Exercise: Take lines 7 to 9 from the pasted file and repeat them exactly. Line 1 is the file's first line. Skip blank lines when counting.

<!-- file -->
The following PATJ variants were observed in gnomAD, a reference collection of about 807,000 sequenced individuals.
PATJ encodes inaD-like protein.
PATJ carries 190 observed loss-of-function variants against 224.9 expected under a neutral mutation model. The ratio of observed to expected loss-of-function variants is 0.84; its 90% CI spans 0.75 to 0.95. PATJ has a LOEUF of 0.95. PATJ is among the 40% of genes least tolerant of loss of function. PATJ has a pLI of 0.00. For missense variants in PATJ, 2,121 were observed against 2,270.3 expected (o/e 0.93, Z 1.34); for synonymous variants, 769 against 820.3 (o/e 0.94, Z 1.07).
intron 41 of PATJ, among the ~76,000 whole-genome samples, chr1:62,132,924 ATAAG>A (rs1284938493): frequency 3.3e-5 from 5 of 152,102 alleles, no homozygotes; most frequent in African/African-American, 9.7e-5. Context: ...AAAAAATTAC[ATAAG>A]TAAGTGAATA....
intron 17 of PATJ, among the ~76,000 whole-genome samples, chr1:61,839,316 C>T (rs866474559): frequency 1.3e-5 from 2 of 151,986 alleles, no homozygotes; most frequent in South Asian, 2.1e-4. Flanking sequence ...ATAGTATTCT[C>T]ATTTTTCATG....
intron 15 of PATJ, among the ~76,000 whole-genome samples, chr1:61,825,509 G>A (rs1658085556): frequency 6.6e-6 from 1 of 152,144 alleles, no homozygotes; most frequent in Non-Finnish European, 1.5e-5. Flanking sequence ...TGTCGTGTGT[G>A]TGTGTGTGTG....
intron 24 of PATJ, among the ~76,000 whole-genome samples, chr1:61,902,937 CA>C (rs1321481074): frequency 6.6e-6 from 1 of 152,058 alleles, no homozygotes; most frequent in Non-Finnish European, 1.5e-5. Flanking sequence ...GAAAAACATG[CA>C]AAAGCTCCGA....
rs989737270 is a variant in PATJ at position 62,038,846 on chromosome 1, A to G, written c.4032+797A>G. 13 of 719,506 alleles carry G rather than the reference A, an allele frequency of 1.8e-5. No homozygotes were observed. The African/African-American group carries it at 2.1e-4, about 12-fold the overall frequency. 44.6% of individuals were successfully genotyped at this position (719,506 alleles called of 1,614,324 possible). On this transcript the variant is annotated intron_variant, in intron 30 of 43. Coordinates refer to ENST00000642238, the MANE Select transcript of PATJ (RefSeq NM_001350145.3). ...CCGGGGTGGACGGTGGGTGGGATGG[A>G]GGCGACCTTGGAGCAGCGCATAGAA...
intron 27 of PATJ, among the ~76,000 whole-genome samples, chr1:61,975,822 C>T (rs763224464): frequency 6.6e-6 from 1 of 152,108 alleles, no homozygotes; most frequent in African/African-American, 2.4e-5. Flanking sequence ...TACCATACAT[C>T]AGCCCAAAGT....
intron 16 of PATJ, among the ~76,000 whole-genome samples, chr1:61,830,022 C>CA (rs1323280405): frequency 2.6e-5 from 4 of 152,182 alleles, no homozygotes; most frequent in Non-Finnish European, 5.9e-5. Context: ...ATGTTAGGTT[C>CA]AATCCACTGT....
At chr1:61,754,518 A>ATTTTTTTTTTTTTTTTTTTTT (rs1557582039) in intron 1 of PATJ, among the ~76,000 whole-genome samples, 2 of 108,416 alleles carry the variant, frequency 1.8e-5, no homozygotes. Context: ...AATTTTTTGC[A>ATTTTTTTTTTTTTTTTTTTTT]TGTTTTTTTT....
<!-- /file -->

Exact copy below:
intron 24 of PATJ, among the ~76,000 whole-genome samples, chr1:61,902,937 CA>C (rs1321481074): frequency 6.6e-6 from 1 of 152,058 alleles, no homozygotes; most frequent in Non-Finnish European, 1.5e-5. Flanking sequence ...GAAAAACATG[CA>C]AAAGCTCCGA....
rs989737270 is a variant in PATJ at position 62,038,846 on chromosome 1, A to G, written c.4032+797A>G. 13 of 719,506 alleles carry G rather than the reference A, an allele frequency of 1.8e-5. No homozygotes were observed. The African/African-American group carries it at 2.1e-4, about 12-fold the overall frequency. 44.6% of individuals were successfully genotyped at this position (719,506 alleles called of 1,614,324 possible). On this transcript the variant is annotated intron_variant, in intron 30 of 43. Coordinates refer to ENST00000642238, the MANE Select transcript of PATJ (RefSeq NM_001350145.3). ...CCGGGGTGGACGGTGGGTGGGATGG[A>G]GGCGACCTTGGAGCAGCGCATAGAA...
intron 27 of PATJ, among the ~76,000 whole-genome samples, chr1:61,975,822 C>T (rs763224464): frequency 6.6e-6 from 1 of 152,108 alleles, no homozygotes; most frequent in African/African-American, 2.4e-5. Flanking sequence ...TACCATACAT[C>T]AGCCCAAAGT....